All of that is environment, and the dynamic of that environment is not dependent upon where the reunion takes place, what the weather is like, or any circumstances outside of the interactions among the genes/attendees. And just like when 23 chromosomes from one person join up with 23 from another to create 46 unique ones that interact differently from any other 46, each family reunion, despite having the same pool of family members to choose from, will be different depending on which family members/genes attend, and what environment they create by their relationships with one another.

Lunacie
06-15-13, 01:45 PM
An interesting analogy. I love analogies, they really help me understand.

Genes don't die, though, do they? It really changes the family dynamic
when someone dies, eh.

Amtram
06-15-13, 08:19 PM
They don't die, but they're not the same in a different person as they were in another.

The whole allele thing is the gene pairs - the ones that work together but come from different sets of chromosomes. So even if you manage to pass on the exact same nose, size, shape, and everything, it might show up on a completely different face. Or it may be more symmetrical than it was in version 1.0 than it is in version 1.3. So the memory lives on, even though the environment changed.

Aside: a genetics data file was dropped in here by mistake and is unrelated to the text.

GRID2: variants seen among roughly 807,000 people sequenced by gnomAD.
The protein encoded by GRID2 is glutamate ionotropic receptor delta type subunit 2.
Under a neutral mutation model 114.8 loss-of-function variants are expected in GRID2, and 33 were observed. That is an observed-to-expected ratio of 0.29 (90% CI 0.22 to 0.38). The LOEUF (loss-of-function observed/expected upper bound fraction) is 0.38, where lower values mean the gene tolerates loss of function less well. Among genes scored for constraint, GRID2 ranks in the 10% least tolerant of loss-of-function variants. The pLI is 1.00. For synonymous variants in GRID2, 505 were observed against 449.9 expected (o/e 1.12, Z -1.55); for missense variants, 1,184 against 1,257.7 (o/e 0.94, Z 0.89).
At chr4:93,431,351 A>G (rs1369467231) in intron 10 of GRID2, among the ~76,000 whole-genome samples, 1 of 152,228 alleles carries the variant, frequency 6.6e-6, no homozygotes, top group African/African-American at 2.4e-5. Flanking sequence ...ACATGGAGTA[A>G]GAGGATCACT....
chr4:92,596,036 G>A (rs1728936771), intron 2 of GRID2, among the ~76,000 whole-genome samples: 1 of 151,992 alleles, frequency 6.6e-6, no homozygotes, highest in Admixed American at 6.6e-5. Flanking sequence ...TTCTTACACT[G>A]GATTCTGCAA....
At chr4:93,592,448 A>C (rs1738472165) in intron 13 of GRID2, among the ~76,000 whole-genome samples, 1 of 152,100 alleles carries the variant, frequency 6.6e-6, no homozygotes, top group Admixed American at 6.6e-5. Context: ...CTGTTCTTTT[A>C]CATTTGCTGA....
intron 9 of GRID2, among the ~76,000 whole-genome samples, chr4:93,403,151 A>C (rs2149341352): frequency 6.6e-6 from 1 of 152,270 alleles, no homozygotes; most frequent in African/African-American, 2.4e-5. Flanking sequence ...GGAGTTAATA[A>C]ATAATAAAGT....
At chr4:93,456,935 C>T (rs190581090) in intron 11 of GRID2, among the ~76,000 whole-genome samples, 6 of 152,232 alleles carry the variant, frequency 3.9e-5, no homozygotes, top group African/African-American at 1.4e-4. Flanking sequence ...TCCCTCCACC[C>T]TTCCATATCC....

Lunacie
06-15-13, 08:48 PM
They don't die, but they're not the same in a different person as they were in another.

The whole allele thing is the gene pairs - the ones that work together but come from different sets of chromosomes. So even if you manage to pass on the exact same nose, size, shape, and everything, it might show up on a completely different face. Or it may be more symmetrical than it was in version 1.0 than it is in version 1.3. So the memory lives on, even though the environment changed.

Interesting explanation. So much to think about.

sarek
06-17-13, 02:25 AM
Here is a strong reminder that the subject of this thread is the genetics of dyslexia.

Lets stay with the program, everyone.

SB_UK
06-17-13, 08:06 AM
Classical paper referencing genetics of dyslexia.

http://www.ncbi.nlm.nih.gov/pubmed/23349641
Nucleotide changes in the AUTS2 locus some of which affect only noncoding regions, are associated with autism and other neurological disorders, including attention deficit hyperactivity disorder, epilepsy, dyslexia, motor delay, language delay, visual impairment, microcephaly, and alcohol consumption.

It's the very heavy convergence between disorders as examined in the spin out thread - and the classical paper on the genetics of dyslexia above - which give us a clue as to the convergent nature of the aetiology of the common complex disorders of Western living.